4 Dangers of Bruxism in Children and What Parents Can Do

Does your child have bruxism?

It’s natural for parents to worry when they hear their child grinding their teeth while they sleep. Though childhood teeth grinding is common, it can lead to future dental problems if left untreated. With that being said, should your child complain of a sore jaw when they wake up or chew, it may be time to consult your family dentist in Boise, Idaho about childhood bruxism.

What is childhood bruxism?

Childhood bruxism, or the act of teeth grinding and clenching, typically occurs at night when your child is asleep. Though parents will likely hear their child’s teeth grinding loudly at night, more subtle tooth clenching can occur during the day; in fact, most children will clench and grind their teeth at some point during childhood.

The peak of the habit takes place between the ages of three and six, and fortunately, many grow out of it when they reach their teenage years, and their adult teeth have all set in.

Symptoms of Bruxism

It can be challenging for a parent to know when their child is clenching or grinding their teeth. Sometimes it is very subtle, but your child may display several signs and symptoms of this condition. Parents can monitor their children for the following:

  • Temporomandibular joint (TMJ) pain
  • Worn down teeth
  • Recurring headaches and earaches
  • Trouble chewing
  • Nuanced mouth movements as the child focuses on a task
  • Chattering or grinding noises while sleeping

Children often don’t realize they have this habit, thus leaving it up to the parent to notice.

Problems created by teeth grinding in childhood.

It is estimated that people suffering from bruxism, be they children or adults, apply a force six times greater than average when they clench and grind their teeth, which damages the mouth and increases the risk of developing overall health and behavior problems.

Additional concerns that are often brought about by childhood bruxism are as follows:

1. Tooth Damage

Cracked and broken teeth are a leading side effect of bruxism, as the constant grinding and clenching wear down the tooth enamel, causing teeth to become sensitive to hot and cold foods. It also increases the risk of developing tooth decay and damages fillings your child may have.

2. Pain and Headaches

Clenching and grinding teeth places continuous stress and pressure on your child’s joints and muscles in the jaw, causing pain in the face, jaw, neck, ears, and shoulders, as well as stiffness. The constant strain from grinding can also cause migraine and tension headaches, and eventually, your child could develop a temporomandibular disorder (TMD) and have trouble chewing, swallowing, and talking.

3. Disrupted Sleep

Many children sleep through their constant clenching or grinding, but for some, it can be so severe that it disrupts their sleep. If your child doesn’t get adequate sleep, it can be especially challenging to wake up in the morning and may interfere with their school attendance.

4. Mental Health Disorders

Studies have shown that teeth clenchers and grinders show increased signs and symptoms of anxiety and depression more than those who do not suffer from bruxism. There are higher levels of stress hormones in their body, which causes a spike in adrenaline. Adrenaline moves energy throughout the body, even if you aren’t moving, causing people to grind their teeth as they sleep.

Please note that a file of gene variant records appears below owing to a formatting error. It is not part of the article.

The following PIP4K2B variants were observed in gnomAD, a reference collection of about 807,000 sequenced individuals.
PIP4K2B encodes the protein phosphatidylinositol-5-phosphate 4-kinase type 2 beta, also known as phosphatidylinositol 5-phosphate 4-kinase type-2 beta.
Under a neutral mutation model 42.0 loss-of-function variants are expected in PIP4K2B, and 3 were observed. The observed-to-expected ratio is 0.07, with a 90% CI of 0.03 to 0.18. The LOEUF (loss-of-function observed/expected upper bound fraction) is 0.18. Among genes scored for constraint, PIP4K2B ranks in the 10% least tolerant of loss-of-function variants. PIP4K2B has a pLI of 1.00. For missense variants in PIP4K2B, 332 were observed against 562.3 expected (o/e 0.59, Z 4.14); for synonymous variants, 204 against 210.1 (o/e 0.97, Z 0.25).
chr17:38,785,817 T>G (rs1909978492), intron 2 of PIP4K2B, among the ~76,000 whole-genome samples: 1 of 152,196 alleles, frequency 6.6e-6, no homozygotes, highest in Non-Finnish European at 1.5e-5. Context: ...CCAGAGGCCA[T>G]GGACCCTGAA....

What can you do if your child has bruxism?

The first step to treating your child’s bruxism is to consult with their dentist to determine whether there are any other underlying issues. Other steps you can take to help your child include the following:

Have them wear a nightguard.

A nightguard is a custom-made appliance for your child’s teeth, worn at night to protect from the damage caused by nighttime clenching and grinding.

Encourage Relaxation

Stress is a trigger for bruxism, so it is crucial that you help your child relax before going to bed. Creating a nighttime routine will help prepare your child for bed and encourage them to relax. Let them take a warm bath, play relaxing music, or read a book to clear their minds of the stressors of the day. Ensure your child has comfortable bedding, including their mattress and pillow, set the temperature to something relatively cool, and remove any items that could produce distracting noise.

Address Sources of Stress

In addition to encouraging relaxation, helping your child deal with their stress can manage their bruxism as well. Talk to them about what is worrying them. It could be their grades or schoolwork, but major life changes could be taking a toll on them, too.

Discuss any upcoming changes and promote the bright side. Your child may benefit from relaxation therapies if stress is not managed through traditional outlets, like exercise and talking.

Jaw Massage

Massaging the jaw can help relax facial muscles and prevent teeth grinding. Do so by placing your fingertips on your child’s face and have them clench their teeth to locate the muscle, then use circular motions to massage the area gently.

Address your concerns about your child’s teeth grinding habits.

If you suspect your child has bruxism, visit or contact Staley Dental today to schedule a pediatric dentistry consultation. We’ll address your concerns and protect your child’s teeth.